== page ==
GREEN Construction of the NEXUS Pipeline won’t be preceding in the city of Green, at least not for the near future.
A panel of the 6th Circuit Court of Appeals voted Nov. 22 2-1 to halt any construction within the city. Green officials have fought to have the pipeline, which is expected to run eight-miles through the city, moved south using an alternative route. Green has studied the route in detail and said the alternative route would have fewer environmental impacts.
"We are pleased that the court finds that our petition has merit and a stay has been granted," Green Mayor Gerard Neugebauer said. "Construction is halted immediately for the eight-mile stretch of pipeline with the city of Green."
The city filed an appeal in the 6th Circuit Court of Appeals in Cincinnati in late September to revoke the awarded 401 Water Qualification Permit to NEXUS. In the filing, the city states the EPA ignored alternative routes provided and used information used from NEXUS regarding wetlands that would be impacted. The city calls the information about wetlands insufficient. The city had Cleveland State University study the impact, which showed the city would lose $52 million in revenue over a 50-year period.
NEXUS Spokesman Adam Parker said NEXUS is aware of the recent action.
"We are aware of the decision and are evaluating it, but beyond that it is our policy not to comment on pending litigation," Parker said.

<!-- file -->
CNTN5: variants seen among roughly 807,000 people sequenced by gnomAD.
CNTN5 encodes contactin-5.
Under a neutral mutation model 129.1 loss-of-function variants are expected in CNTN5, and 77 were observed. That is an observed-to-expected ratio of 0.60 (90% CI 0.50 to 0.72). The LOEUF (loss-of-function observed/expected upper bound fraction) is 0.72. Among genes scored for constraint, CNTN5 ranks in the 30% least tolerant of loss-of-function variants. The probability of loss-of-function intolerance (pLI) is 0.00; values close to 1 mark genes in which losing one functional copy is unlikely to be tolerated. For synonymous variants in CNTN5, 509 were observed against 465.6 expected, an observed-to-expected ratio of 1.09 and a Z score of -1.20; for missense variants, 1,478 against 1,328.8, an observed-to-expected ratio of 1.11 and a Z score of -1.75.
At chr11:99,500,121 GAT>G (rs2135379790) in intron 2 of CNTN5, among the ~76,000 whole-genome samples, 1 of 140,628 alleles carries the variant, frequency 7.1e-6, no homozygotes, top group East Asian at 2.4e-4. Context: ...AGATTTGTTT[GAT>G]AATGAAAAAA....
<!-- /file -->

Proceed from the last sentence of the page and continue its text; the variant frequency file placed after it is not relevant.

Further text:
The pipeline route would run 255 miles of 36-inch-diameter pipeline across the state of Ohio and carry 1.5 billion cubic feet of natural gas a day from the Utica and Marcellus shale regions.
Neugebauer said the case is likely not to be heard for the next two to six months.
NEXUS began storing some construction materials in a lot on Greensburg Road, but since the court issuing the stay of construction, most of the items have been moved. Neugebauer said the city spent some time in discussions with NEXUS about expectations if the company were to take city property by eminent domain, but those discussions will be on hold with the stay being issued.
During the Nov. 28 council meeting, Councilman Ken Knodel said the NEXUS issue first came up almost four-years-ago and all the council at that time supported fighting it. He said every piece of legislations has passed 7-0 to fight the pipeline, and both the past and current administration have supported the fight.
Knodel said a fight on eminent domain would have been spinning wheels and he feels the environmental fight is the best route the city has at success.